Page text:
If You Win Mega Millions or Powerball, Should You Take the Cash Payout?

iStock.com/mphillips007
iStock.com/mphillips007

Mega Millions has reached a record-breaking jackpot of $1.6 billion, which means your individual chances of taking home the winnings are less than one in 300,000,000. (And, amazingly, Powerball is currently at a not-too-shabby $620 million.) But it doesn't hurt to be prepared: If your ticket matches the winning numbers, here's the first decision you need to make before your life changes.

While $1.6 billion is the number that's being advertised, Mega Millions won't be handing over a check for that amount to the winner. Whoever holds the winning lottery ticket will be given two options: They can collect their winnings as a one-time lump sum that's less than the value of the total jackpot (in this case, it would be $904,900,000), or they can receive the full amount in annual installments stretched out over 29 years. Winners who choose the installment or annuity plan will be given one large payment upfront followed by checks that grow by five percent each year.

Collecting the money and running is tempting, and it's the option that most lottery winners end up choosing. But according to money experts, that's the wrong move—not only because you're getting less money in the long run, but because it leaves you vulnerable to bad luck and poor financial planning. "If you get a huge lump sum, it's easier to make a mistake, whereas if you choose the annuity, then at least if you mess up and blow the first year's worth, you have another chance," financial planner Nick Coleman told CNBC last year.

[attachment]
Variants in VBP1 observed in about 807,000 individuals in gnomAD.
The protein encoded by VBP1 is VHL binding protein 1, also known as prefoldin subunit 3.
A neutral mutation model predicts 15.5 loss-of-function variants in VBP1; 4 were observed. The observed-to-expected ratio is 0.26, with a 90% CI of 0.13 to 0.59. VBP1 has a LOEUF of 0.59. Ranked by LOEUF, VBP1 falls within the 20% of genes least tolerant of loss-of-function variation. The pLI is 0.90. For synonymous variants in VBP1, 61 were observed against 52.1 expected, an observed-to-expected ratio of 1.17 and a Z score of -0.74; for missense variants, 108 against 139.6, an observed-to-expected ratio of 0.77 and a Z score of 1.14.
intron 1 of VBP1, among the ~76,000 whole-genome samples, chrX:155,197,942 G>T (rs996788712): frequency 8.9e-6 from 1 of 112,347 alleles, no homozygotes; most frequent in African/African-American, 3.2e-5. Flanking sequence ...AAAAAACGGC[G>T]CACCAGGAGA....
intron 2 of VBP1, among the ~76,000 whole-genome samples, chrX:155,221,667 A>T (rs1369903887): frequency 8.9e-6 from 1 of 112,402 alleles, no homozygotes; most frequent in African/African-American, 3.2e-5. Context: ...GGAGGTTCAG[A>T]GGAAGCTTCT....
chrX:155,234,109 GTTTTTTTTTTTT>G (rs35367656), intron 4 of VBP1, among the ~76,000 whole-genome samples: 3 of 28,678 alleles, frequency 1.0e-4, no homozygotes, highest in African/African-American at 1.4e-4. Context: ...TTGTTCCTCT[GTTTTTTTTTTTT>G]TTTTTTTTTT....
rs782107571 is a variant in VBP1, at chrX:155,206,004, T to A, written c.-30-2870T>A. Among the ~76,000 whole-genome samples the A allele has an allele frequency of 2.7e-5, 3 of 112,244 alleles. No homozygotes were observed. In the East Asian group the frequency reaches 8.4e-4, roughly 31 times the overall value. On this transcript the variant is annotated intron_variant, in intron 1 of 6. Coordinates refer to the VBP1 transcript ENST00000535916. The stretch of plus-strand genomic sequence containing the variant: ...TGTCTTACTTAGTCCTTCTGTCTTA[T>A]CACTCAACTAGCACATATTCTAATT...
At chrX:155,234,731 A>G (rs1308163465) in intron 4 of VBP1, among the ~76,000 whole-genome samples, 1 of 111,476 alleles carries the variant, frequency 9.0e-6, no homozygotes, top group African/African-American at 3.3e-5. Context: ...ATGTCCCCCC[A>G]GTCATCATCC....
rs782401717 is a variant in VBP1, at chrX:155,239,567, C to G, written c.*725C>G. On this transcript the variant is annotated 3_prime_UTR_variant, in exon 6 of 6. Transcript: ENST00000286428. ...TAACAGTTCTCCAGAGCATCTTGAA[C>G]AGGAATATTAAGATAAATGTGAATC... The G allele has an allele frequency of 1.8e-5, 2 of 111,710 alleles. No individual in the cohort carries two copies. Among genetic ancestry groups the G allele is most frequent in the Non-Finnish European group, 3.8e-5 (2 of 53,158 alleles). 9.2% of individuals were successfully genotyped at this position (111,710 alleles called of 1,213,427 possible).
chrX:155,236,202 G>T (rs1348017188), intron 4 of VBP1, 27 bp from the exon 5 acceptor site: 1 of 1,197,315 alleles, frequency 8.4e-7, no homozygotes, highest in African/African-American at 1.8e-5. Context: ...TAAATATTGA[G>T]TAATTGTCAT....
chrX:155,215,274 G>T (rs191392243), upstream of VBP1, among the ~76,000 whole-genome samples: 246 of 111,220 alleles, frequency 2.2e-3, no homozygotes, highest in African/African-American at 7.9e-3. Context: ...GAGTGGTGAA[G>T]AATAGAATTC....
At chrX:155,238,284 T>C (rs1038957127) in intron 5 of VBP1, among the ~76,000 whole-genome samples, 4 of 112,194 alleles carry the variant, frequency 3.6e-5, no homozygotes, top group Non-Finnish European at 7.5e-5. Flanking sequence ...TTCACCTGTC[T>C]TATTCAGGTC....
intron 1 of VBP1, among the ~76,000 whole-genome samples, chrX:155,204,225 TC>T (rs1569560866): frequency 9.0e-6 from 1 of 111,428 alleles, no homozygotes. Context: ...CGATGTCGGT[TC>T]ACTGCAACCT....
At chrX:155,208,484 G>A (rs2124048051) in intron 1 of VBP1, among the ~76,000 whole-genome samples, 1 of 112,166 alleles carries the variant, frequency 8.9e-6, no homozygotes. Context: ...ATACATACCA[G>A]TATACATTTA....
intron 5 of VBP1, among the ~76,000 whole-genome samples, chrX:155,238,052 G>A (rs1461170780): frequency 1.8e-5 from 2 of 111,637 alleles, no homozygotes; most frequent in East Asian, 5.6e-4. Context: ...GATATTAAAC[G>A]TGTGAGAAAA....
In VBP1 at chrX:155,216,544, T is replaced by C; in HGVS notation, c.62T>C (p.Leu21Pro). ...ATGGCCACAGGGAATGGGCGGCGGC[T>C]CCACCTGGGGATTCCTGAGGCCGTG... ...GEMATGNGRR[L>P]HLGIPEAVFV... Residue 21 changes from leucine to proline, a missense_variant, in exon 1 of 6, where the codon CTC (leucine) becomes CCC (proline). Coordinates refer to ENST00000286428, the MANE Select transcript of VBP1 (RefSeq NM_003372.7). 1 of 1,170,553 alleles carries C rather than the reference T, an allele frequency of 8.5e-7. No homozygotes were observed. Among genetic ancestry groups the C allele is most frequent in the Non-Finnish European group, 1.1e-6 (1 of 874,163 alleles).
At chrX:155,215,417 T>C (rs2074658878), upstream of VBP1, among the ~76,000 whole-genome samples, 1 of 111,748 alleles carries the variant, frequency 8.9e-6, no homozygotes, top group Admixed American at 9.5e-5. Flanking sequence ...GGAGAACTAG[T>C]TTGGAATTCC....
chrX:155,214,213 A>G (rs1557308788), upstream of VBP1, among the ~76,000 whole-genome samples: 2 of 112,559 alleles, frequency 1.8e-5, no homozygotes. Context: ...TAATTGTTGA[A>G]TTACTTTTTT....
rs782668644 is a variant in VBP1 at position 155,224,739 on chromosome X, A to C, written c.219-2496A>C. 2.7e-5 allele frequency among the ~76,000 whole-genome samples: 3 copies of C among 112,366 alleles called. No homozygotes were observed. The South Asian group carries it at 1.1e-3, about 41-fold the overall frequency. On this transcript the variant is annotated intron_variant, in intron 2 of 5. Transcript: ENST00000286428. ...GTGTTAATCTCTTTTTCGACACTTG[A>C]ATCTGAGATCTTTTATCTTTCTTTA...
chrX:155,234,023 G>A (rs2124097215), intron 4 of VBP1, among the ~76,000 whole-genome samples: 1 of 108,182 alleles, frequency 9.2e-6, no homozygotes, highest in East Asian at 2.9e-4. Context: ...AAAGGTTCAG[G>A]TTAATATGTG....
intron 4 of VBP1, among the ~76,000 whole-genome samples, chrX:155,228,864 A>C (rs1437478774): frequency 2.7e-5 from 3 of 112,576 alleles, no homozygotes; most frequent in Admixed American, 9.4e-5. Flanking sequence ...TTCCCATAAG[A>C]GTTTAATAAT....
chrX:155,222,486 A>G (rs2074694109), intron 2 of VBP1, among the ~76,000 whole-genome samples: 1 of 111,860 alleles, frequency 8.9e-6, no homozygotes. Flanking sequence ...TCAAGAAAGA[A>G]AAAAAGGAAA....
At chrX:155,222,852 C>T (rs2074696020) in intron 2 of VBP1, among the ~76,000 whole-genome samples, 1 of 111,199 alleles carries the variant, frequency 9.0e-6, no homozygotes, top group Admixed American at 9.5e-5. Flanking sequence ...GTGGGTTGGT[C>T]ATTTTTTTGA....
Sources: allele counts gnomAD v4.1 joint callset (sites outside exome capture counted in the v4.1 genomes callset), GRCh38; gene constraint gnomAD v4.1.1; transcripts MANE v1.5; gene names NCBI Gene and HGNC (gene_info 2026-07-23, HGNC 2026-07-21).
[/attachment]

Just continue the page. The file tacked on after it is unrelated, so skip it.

Even Shark Tank investor Mark Cuban agrees that annuity is the safer bet. In 2016, he told the Dallas Morning News that it helps winners avoid blowing all their winnings at once.

No matter which option winners choose, they can't avoid losing a sizable chunk of their prize to taxes. After state and federal taxes, the lump sum of the latest Mega Millions jackpot will come out to between $607,000,000 and $687,724,000—and that's not including what the winner will have to pay come tax season. But if they opt for the annuity plan they'll end up with $1 to $1.2 billion after 29 years.

Scam Alert: Calls, Emails, or Texts About Government Stimulus Checks Are Bogus

Stimulus check scams are circulating.
Stimulus check scams are circulating.
anyaberkut/iStock via Getty Images

The federal government is currently in the process of distributing stimulus checks to taxpayers as part of a $2 trillion effort to bolster the economy in the wake of the coronavirus pandemic. While no action or effort is needed on the part of citizens, some people might receive calls, emails, or texts prompting them to offer additional information.

Naturally, it’s a scam. According to Business Insider, the Treasury Department is cautioning taxpayers that any entity purporting to be affiliated with the government and asking for their personal data for the purposes of issuing the stimulus check is fraudulent.